At sea, the Sri Lankan Navy's first line of response were Israelibuilt Dvora craft.4 In an interview, Admiral Wasantha Karrannagoda, former commander of the Sri Lankan Navy, said that in its search for the right platform to counter the Sea Tigers, the SLN found that "the Israeli Navy was facing a similar threat and were using Dvora fast-attack craft as a response." The Dvoras provided an effective response to the LTTE's logistics boats, which were used by the insurgents mainly to transport supplies from their ships operating in international waters, and to smuggle supplies and personnel in and out of south India. The Navy's 4th Fast Attack Flotilla, also known as the Dvora Squadron, was at the forefront of the fight against the Sea Tigers, protecting both naval and civilian transport vessels. The Dvoras, however, proved vulnerable to the LTTE's wolf pack attacks because of the Dvoras' limited close-contact capabilities and maneuverability. The Sea Tigers managed to engage these boats successfully, sinking more than 20 of them.5 The Sea Tigers also continued their successful attacks against larger vessels, sinking transport ships and gunboats at will, and attacking civilian ships bearing supplies to the north and east.

Sri Lankan Navy: Not Equipped for Sea Tiger Fight

The Sri Lankan Navy began as a ceremonial force left behind by the British Empire, and was predominantly used as a logistics support element of the Sri Lankan Army. In the 1990s, the SLN had only large ships, mostly inherited from the Royal Navy or gifted by friendly nations. While these were well-suited for blue-water patrolling operations to safeguard against unauthorized fishing or smuggling, they definitely were no match for the heavily armed, small-boat, coastal operations conducted by the Sea Tigers. In other words, the LTTE boats were the ideal asymmetrical match for the SLN's large, less maneuverable, conventional fleet.

By the early 1990s, the Navy understood that it needed to adapt and become a more aggressive fighting force to dominate the lagoon/mangrove swamps of the Jaffna peninsula and eastern areas, and counter the mounting threat posed by the Sea Tigers. Consequently, in 1993 the Sri Lankan Armed Forces (SLAF) formed the Special Boat Squadron (SBS), modeled after the British Navy's elite Special Boat Service and the U.S. Navy's elite SEALs, under the command of then-LCDR Ravindra Chandrasiri Wijegunarathne (presently RADM and the Northern Area Naval Commander). The SBS carried out its first operation in November 1993, when it played an integral part in the recapture of a Navy camp in Pooneryn, which had been attacked and overrun by terrorists.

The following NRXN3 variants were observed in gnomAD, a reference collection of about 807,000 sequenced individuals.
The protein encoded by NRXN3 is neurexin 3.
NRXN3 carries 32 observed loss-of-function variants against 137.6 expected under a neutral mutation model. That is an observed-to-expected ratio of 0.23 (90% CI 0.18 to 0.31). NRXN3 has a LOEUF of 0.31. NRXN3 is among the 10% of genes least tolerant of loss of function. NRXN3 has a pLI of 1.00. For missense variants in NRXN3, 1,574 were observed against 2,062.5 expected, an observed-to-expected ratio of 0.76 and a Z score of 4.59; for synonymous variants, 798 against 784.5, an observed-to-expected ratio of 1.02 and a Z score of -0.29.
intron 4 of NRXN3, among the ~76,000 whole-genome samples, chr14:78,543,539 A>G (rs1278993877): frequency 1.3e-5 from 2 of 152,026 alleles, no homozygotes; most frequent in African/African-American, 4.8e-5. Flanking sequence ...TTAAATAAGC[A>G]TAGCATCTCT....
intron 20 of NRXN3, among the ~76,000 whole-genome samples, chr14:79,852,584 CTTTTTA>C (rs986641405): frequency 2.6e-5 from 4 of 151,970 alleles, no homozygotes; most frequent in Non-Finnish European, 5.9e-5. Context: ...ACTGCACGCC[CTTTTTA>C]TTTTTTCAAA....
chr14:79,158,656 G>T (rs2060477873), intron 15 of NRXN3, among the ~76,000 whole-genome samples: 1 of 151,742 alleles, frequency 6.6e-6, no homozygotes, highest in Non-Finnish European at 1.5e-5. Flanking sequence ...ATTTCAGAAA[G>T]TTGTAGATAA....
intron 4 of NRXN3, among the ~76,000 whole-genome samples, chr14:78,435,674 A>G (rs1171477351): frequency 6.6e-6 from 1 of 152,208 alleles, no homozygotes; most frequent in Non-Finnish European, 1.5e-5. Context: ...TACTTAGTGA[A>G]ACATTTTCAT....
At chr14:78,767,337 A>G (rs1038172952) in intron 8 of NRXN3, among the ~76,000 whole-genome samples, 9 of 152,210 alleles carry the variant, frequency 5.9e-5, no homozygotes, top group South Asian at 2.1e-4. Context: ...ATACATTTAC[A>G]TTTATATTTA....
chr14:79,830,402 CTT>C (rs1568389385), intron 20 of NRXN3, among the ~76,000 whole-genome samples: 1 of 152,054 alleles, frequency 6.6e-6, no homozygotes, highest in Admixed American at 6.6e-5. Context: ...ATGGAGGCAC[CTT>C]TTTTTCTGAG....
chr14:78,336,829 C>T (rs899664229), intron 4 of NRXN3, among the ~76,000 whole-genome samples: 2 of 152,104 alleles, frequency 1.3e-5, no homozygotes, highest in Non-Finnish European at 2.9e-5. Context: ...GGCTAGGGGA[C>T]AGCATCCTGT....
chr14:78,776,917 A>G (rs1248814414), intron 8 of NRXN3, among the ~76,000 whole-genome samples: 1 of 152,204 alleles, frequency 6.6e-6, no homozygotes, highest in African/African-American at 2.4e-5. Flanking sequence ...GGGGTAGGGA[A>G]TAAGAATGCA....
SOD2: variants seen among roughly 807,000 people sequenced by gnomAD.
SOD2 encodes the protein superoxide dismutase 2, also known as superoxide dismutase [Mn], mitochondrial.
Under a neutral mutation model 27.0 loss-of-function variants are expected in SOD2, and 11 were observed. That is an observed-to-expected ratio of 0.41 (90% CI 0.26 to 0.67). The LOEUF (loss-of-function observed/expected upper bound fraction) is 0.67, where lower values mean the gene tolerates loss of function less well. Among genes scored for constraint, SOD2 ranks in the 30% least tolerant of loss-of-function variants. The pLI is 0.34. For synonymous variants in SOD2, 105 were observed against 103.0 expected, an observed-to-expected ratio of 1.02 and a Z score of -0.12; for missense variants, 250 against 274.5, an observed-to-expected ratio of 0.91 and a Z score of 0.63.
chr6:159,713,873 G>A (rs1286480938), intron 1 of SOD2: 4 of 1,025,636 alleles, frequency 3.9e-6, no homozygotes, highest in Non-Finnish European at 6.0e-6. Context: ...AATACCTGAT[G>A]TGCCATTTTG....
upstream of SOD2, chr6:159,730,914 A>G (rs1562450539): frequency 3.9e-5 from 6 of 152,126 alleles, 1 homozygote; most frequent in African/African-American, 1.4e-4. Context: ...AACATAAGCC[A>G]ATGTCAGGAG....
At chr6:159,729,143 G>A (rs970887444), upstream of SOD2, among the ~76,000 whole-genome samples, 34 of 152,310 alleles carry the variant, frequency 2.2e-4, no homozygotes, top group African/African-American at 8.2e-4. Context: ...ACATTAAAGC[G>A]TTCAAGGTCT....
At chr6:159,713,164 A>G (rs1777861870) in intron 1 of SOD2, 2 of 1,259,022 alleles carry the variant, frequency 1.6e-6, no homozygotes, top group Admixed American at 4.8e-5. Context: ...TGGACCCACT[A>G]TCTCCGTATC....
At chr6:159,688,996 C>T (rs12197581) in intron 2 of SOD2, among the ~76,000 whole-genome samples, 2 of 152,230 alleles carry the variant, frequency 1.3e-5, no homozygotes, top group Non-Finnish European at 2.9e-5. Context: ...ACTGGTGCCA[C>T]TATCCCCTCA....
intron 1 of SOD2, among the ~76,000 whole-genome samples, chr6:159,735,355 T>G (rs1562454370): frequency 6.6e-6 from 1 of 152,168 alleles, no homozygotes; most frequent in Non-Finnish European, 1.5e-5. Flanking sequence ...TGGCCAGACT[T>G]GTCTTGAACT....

At sea, the Sri Lankan Navy's first line of response were Israelibuilt Dvora craft.4 In an interview, Admiral Wasantha Karrannagoda, former commander of the Sri Lankan Navy, said that in its search for the right platform to counter the Sea Tigers, the SLN found that "the Israeli Navy was facing a similar threat and were using Dvora fast-attack craft as a response." The Dvoras provided an effective response to the LTTE's logistics boats, which were used by the insurgents mainly to transport supplies from their ships operating in international waters, and to smuggle supplies and personnel in and out of south India. The Navy's 4th Fast Attack Flotilla, also known as the Dvora Squadron, was at the forefront of the fight against the Sea Tigers, protecting both naval and civilian transport vessels.

The Dvoras, however, proved vulnerable to the LTTE's wolf pack attacks because of the Dvoras' limited close-contact capabilities and maneuverability. The Sea Tigers managed to engage these boats successfully, sinking more than 20 of them.5 The Sea Tigers also continued their successful attacks against larger vessels, sinking transport ships and gunboats at will, and attacking civilian ships bearing supplies to the north and east.

Sri Lankan Navy Makes Successful Adaptations

The realization that the heavier Dvoras were no match for the small, fast-moving, and lightly-crewed boats of the Sea Tigers in shallower seas came at a high cost. The SBS experimented with smaller, lighter craft, including rubber combat-reconnaissance craft, but most were too small and slow, and proved highly ineffective against the Sea Tigers. At this point, the Sri Lankan Navy appeared to be at a dead end, unable to match or counter the naval capabilities of the Sea Tigers.

This changed in 2006, when a Sri Lankan Navy SBS operation, led by LCDR Mudiyanselage Bandula Dissanayake (who was injured during a LTTE attack in 2009 and retired from the Navy in 2012), discovered where the LTTE was manufacturing the 16-foot boats its forces used for their wolf-pack attacks. SBS personnel found a boat buried in the ground at the site, which was later recovered and brought to the Navy dockyard at Trincomalee. Navy engineers reverse-engineered a version of this boat, which became the SLN's first 16-foot Arrow Boat. The small, highly maneuverable boat was fitted with a 12.7 mm main gun and an automatic grenade launcher on the stern. Two 115-horsepower outboard engines propelled it to speeds in excess of 25 knots.

With the guidance and encouragement of then-SLN Commander VADM Wasantha Karannagoda, Navy engineers continued to experiment with different configurations of this base model. The experiments yielded two more versions of the Arrow Boat, the 18-footer and the highly successful 23-foot model, which went into mass production. The 23-footer was manned by four people: a coxswain, main gunner, stern gunner, and side gunner. It could be fitted with a 12.7 mm, 23 mm, or 30 mm main gun (some even were equipped with twin cannon versions); a 12.7 mm or automatic grenade launcher stern gun; and two 7.62 mm Chinese multi-purpose machine guns at the sides. Powered by two 250-horsepower engines, the boat boasted speeds of up to 35 knots.